Fool Moon is the second book in the Dresden Files by Jim Butcher and once again we meet up with Chicago's only professional wizard and one of only a dozen of his power in the country. Since we left Harry business has been pretty non-existant and he's been unable to find any kind of work at all mundane or magical.
Just when it looks like he can't even afford his next meal a murder comes along that requires his very particular expertise. A full moon, strange paw prints and a mutilated body doesn't take a genius to guess just what they are up against.
I really do love this alternative reality urban fantasy that we were introduced to in Jim Butchers first novel Storm Front and we are again immersed into this rich world full of magic and magical creatures. The author again manages to hit the nail on the head here, we've got a great plot, excellent continuity (which I do find important) and even more importantly we get to see the major characters develop and learn a few more snippets regarding Harry's intriguing past.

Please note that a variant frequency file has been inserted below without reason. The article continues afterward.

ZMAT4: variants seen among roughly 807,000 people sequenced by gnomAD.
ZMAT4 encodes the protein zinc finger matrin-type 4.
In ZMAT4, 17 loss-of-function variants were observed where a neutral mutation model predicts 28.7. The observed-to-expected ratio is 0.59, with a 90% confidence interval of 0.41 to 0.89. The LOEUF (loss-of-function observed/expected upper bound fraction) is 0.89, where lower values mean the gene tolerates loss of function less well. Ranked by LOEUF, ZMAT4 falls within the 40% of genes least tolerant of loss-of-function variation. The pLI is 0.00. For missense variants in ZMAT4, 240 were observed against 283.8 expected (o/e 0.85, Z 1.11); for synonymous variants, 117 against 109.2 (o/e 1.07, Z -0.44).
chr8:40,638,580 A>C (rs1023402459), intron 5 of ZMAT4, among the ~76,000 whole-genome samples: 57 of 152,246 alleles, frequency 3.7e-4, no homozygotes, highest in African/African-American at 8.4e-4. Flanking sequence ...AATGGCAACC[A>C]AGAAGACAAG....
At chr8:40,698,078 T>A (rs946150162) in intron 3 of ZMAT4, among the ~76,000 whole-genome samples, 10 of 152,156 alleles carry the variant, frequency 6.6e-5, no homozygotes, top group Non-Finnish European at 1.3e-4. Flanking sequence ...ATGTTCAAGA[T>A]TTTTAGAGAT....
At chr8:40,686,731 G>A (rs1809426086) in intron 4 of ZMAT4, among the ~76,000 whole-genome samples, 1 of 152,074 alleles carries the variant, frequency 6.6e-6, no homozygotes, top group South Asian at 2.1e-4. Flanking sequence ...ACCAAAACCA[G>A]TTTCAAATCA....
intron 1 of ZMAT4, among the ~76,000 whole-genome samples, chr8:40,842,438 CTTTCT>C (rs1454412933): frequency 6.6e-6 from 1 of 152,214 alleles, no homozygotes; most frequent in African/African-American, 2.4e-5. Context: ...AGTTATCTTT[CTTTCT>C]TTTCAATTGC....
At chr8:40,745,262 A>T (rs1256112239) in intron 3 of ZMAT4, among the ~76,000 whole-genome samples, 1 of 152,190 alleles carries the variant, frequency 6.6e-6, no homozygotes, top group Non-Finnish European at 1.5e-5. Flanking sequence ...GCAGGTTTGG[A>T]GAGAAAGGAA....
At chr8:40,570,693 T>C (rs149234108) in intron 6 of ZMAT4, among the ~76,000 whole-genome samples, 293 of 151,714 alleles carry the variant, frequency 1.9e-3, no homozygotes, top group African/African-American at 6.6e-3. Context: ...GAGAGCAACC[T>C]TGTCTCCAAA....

Not content to make this simply a "werewolf" novel, we are actually treated to four different kinds of werewolf each type explained much better than I would have expected. We do treat over familiar ground to a certain extent, for those of short memory or who haven't read the previous novel but this is fairly minimal.
There is also an amount of "deus ex machina" going on but the quality of the prose and the world weary dogged determination of the protagonist more than makes up for this. The character of Harry does get filled out quite a bit too and comes across as someone who really does stick to his morals despite times when he's looking death right in the face, can we all say we'd do the same (i'd have signed that contract with Johnny Marcone the first time he offered).
The blend of action, gore and dry humour is spot on and there are a serious amount of laugh out loud moments, especially in the second half of the story.
I really did like this book, it's one of the few that I really couldn't put down and went with me while I walked to the kitchen to make a cup of tea, unwilling to break off for those simple tasks -the sign of an truly immersive story.
In some ways The Dresden Files feels like the definitive "Urban Fantasy" and I occasionally find myself subconsciously comparing the series against other books I read in the genre. There is a certain quality that is much greater than the sum of it's parts, it will be interesting to see if this quality continues or even improves as the series progresses and with a further 11 books (at the time of writing) left to read it's going to take some time to find out.
Written by Antony, 25 June 2012.